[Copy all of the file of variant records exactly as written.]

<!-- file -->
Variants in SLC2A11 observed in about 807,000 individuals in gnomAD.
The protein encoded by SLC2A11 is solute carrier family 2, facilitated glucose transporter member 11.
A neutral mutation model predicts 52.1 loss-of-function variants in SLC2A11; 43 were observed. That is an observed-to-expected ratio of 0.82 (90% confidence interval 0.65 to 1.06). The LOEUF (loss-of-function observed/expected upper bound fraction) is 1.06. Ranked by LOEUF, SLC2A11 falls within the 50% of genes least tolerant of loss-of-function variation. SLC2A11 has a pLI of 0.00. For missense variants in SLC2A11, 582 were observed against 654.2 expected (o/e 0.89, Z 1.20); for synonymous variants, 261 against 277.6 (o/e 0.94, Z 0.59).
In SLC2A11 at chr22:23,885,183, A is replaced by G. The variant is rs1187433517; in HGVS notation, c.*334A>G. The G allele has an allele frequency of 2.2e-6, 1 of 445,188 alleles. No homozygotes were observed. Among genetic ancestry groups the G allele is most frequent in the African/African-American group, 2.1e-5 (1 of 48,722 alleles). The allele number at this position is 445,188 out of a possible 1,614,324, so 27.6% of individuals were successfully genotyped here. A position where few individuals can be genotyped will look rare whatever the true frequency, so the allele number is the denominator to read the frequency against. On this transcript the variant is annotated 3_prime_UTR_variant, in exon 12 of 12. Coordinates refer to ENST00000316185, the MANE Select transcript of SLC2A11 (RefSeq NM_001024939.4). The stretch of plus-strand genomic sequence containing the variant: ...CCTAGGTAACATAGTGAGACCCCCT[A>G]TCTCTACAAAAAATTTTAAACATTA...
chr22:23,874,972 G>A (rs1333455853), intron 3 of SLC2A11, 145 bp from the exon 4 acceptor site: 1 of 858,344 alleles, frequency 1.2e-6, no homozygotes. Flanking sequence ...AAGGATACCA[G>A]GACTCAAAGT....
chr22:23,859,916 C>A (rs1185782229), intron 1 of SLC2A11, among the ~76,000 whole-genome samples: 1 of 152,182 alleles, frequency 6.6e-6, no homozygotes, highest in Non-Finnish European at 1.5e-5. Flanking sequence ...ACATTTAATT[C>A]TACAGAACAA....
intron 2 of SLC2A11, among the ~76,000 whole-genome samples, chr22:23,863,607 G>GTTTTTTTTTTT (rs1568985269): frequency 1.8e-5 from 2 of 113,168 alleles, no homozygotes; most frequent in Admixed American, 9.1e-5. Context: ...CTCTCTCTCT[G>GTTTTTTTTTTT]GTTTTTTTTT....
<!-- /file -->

Variants in SLC2A11 observed in about 807,000 individuals in gnomAD.
The protein encoded by SLC2A11 is solute carrier family 2, facilitated glucose transporter member 11.
A neutral mutation model predicts 52.1 loss-of-function variants in SLC2A11; 43 were observed. That is an observed-to-expected ratio of 0.82 (90% confidence interval 0.65 to 1.06). The LOEUF (loss-of-function observed/expected upper bound fraction) is 1.06. Ranked by LOEUF, SLC2A11 falls within the 50% of genes least tolerant of loss-of-function variation. SLC2A11 has a pLI of 0.00. For missense variants in SLC2A11, 582 were observed against 654.2 expected (o/e 0.89, Z 1.20); for synonymous variants, 261 against 277.6 (o/e 0.94, Z 0.59).
In SLC2A11 at chr22:23,885,183, A is replaced by G. The variant is rs1187433517; in HGVS notation, c.*334A>G. The G allele has an allele frequency of 2.2e-6, 1 of 445,188 alleles. No homozygotes were observed. Among genetic ancestry groups the G allele is most frequent in the African/African-American group, 2.1e-5 (1 of 48,722 alleles). The allele number at this position is 445,188 out of a possible 1,614,324, so 27.6% of individuals were successfully genotyped here. A position where few individuals can be genotyped will look rare whatever the true frequency, so the allele number is the denominator to read the frequency against. On this transcript the variant is annotated 3_prime_UTR_variant, in exon 12 of 12. Coordinates refer to ENST00000316185, the MANE Select transcript of SLC2A11 (RefSeq NM_001024939.4). The stretch of plus-strand genomic sequence containing the variant: ...CCTAGGTAACATAGTGAGACCCCCT[A>G]TCTCTACAAAAAATTTTAAACATTA...
chr22:23,874,972 G>A (rs1333455853), intron 3 of SLC2A11, 145 bp from the exon 4 acceptor site: 1 of 858,344 alleles, frequency 1.2e-6, no homozygotes. Flanking sequence ...AAGGATACCA[G>A]GACTCAAAGT....
chr22:23,859,916 C>A (rs1185782229), intron 1 of SLC2A11, among the ~76,000 whole-genome samples: 1 of 152,182 alleles, frequency 6.6e-6, no homozygotes, highest in Non-Finnish European at 1.5e-5. Flanking sequence ...ACATTTAATT[C>A]TACAGAACAA....
intron 2 of SLC2A11, among the ~76,000 whole-genome samples, chr22:23,863,607 G>GTTTTTTTTTTT (rs1568985269): frequency 1.8e-5 from 2 of 113,168 alleles, no homozygotes; most frequent in Admixed American, 9.1e-5. Context: ...CTCTCTCTCT[G>GTTTTTTTTTTT]GTTTTTTTTT....